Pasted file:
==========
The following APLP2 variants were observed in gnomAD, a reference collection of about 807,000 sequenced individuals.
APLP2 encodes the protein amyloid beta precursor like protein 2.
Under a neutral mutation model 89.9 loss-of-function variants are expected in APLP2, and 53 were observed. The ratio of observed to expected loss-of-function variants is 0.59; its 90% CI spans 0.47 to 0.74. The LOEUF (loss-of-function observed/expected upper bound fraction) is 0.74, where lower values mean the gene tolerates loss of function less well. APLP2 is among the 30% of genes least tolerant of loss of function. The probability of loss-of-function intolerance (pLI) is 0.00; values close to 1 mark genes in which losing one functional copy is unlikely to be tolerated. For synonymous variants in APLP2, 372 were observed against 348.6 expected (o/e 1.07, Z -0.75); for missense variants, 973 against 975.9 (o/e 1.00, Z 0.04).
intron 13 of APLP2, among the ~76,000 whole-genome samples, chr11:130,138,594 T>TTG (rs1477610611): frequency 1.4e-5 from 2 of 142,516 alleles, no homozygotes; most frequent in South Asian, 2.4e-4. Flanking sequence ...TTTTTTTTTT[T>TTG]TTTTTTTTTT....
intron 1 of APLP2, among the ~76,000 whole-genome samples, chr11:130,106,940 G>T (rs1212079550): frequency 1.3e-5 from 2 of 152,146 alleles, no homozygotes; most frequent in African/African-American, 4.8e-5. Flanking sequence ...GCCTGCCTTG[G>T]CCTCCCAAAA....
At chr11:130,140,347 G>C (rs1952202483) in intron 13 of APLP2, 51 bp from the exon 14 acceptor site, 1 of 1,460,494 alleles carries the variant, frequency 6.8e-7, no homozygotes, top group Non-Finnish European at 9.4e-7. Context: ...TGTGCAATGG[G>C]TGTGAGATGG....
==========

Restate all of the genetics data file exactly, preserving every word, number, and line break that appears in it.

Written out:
The following APLP2 variants were observed in gnomAD, a reference collection of about 807,000 sequenced individuals.
APLP2 encodes the protein amyloid beta precursor like protein 2.
Under a neutral mutation model 89.9 loss-of-function variants are expected in APLP2, and 53 were observed. The ratio of observed to expected loss-of-function variants is 0.59; its 90% CI spans 0.47 to 0.74. The LOEUF (loss-of-function observed/expected upper bound fraction) is 0.74, where lower values mean the gene tolerates loss of function less well. APLP2 is among the 30% of genes least tolerant of loss of function. The probability of loss-of-function intolerance (pLI) is 0.00; values close to 1 mark genes in which losing one functional copy is unlikely to be tolerated. For synonymous variants in APLP2, 372 were observed against 348.6 expected (o/e 1.07, Z -0.75); for missense variants, 973 against 975.9 (o/e 1.00, Z 0.04).
intron 13 of APLP2, among the ~76,000 whole-genome samples, chr11:130,138,594 T>TTG (rs1477610611): frequency 1.4e-5 from 2 of 142,516 alleles, no homozygotes; most frequent in South Asian, 2.4e-4. Flanking sequence ...TTTTTTTTTT[T>TTG]TTTTTTTTTT....
intron 1 of APLP2, among the ~76,000 whole-genome samples, chr11:130,106,940 G>T (rs1212079550): frequency 1.3e-5 from 2 of 152,146 alleles, no homozygotes; most frequent in African/African-American, 4.8e-5. Flanking sequence ...GCCTGCCTTG[G>T]CCTCCCAAAA....
At chr11:130,140,347 G>C (rs1952202483) in intron 13 of APLP2, 51 bp from the exon 14 acceptor site, 1 of 1,460,494 alleles carries the variant, frequency 6.8e-7, no homozygotes, top group Non-Finnish European at 9.4e-7. Context: ...TGTGCAATGG[G>C]TGTGAGATGG....